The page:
Now Ed is gone but we will never forget him and neither will his comrades in local homebrewing clubs LIBME & BEER. In fact, Long Island has a chance to taste the fruits of Ed’s brewing efforts and the result of winning the recent LIBME “Chopped”-style homebrewing competition, brewed in collaboration with Great South Bay Brewery.

Lee Ann Hahne, Ed Hahne, Mike Napolitano, Frank Filacchione and Andrew Luberto

Lee Ann Hahne, Ed Hahne, Mike Napolitano, Frank Filacchione and Andrew Luberto

Mexicali Blues is a stout brewed with Mexican chilis, cinnamon and vanilla. According to Lee Ann they “didn’t stuff the ballot box,” to end up with the perfect ingredients for a stout and were “very happy with each item they pulled”. Ed agreed with Lee saying that the beer is, “all about the Mexican Chilis. They are the ingredient X.” Frank Filacchione and Mike Napolitano wound up finding the chilis for the homebrewed version in a bodega in Brooklyn. However, the original vanilla extract they used didn’t provide the certain something they were looking for so a “secret concoction from home” was added, boosting the flavor.

We had the chance to taste this DIY version of Mexicali Blues June 4th at the monthly LIBME meeting. That night the “Chopped”-style competition was judged through a popular vote by those in attendance. Members tried each competing team’s beer then voted for the one they liked best. We both found Mexicali Blues to be our favorite and cast our votes for it. The beer was a nicely balanced stout with hints of vanilla, traces of cinnamon and a building but never overwhelming presence of Mexican Chili peppers. Frank, Mike, Lee and Ed made a wonderful beer together and deserved to have it declared winner.


GSB's Greg Maisch, Frank Filacchione, Lee Ann and Ed Hahne

GSB’s Greg Maisch, Frank Filacchione, Lee Ann and Ed Hahne

Mexicali Blues was produced by the Boil in a Bag (BiaB) method where the grain and full volume of water are added to one kettle, rather than two, to create the beer. This is sometimes seen as a short cut by other brewers and team Mexicali Blues felt a little heat when brewing their beer in a group setting at fellow club member Chris Kelley’s house. “We were mocked by the other brewers throughout the day,” said Ed Hahne. But with the win the old adage “He who laughs last, laughs best” was proven as the group was able to kick back and relax while all the other teams were still brewing or cleaning equipment. Ed called it, “A great irony.” (work smarter not harder instead?)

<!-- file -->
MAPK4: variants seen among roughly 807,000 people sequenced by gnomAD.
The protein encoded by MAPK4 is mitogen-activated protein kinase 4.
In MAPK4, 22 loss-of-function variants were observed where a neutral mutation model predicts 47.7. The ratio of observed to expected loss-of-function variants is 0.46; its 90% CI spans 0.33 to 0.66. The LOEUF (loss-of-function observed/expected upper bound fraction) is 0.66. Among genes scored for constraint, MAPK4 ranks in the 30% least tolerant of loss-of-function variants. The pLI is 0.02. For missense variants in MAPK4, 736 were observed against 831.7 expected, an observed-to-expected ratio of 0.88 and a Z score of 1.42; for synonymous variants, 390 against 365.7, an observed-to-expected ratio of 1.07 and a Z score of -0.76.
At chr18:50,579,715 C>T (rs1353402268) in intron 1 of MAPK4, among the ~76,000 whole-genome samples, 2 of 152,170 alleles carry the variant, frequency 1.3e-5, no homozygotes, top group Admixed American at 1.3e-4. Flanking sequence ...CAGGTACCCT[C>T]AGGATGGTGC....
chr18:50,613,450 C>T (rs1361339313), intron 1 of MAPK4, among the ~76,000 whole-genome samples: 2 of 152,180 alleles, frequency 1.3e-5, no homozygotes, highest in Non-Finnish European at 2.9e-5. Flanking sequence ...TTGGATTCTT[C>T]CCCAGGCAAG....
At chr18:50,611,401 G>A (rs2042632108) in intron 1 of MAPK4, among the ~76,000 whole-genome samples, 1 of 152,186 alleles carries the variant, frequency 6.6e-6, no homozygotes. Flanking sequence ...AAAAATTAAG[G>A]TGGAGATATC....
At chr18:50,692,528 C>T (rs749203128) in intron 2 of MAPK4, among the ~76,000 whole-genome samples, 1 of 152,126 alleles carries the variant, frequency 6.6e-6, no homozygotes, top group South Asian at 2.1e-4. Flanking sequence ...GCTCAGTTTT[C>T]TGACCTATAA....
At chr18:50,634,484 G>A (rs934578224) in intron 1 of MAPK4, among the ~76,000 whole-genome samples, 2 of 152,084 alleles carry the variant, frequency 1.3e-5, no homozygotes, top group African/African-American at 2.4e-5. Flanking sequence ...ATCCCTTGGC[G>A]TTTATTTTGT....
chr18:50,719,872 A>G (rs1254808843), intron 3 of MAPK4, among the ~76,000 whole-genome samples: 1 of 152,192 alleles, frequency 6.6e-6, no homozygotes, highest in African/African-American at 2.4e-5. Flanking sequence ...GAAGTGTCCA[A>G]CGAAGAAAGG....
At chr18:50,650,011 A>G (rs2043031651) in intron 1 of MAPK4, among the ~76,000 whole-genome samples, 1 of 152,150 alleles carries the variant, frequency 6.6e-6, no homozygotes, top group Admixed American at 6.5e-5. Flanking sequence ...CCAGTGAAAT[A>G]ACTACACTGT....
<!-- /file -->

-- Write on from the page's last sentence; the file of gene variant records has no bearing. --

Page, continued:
We hope that the beer the group brewed at Great South Bay with head brewer Greg Maisch hits the same subtle notes their winning beer was so gracefully able to play. The GSB batch was made on their one barrel pilot system and will be released this Saturday at the brewery. This beer, labeled an under dog in the competition by team Mexicali Blues, is something we are both very much looking forward to trying. In conjunction with the release Great South Bay will be honoring the memory of our friend Ed Hahne.

Frank Filacchione, Andrew Luberto, Mike Napolitano and Ed Hahne

Frank Filacchione, Andrew Luberto, Mike Napolitano and Ed Hahne

Last night we attended his wake. It was a sad yet somehow uplifting occasion. With around two hundred people gathering to pay their respects from all periods and facets of Ed’s life it became a celebration of our friend rather than just a chance to say goodbye. Throughout the wake there were many speakers sharing there wonderful memories of Ed. One of Ed’s friends, Bob, spoke and a point he made hit home with us.

He noticed that Ed had brought all of the people in attendance together. Ed touched so many diverse people throughout his life who now have a connection and learned so much from him. Bob suggested that is what Mr. Hahne’s legacy is: friendship, caring and community. We could not think of a more fitting legacy for someone who was so open and welcoming. We will be thinking of you when we sip Mexicali Blues on Saturday, Ed, and are going to cherish our memories and what you taught us always.

We will miss you Ed

We will miss you Ed

Chris Kelley's Basil in the Rye Brewed at Great South Bay Brewery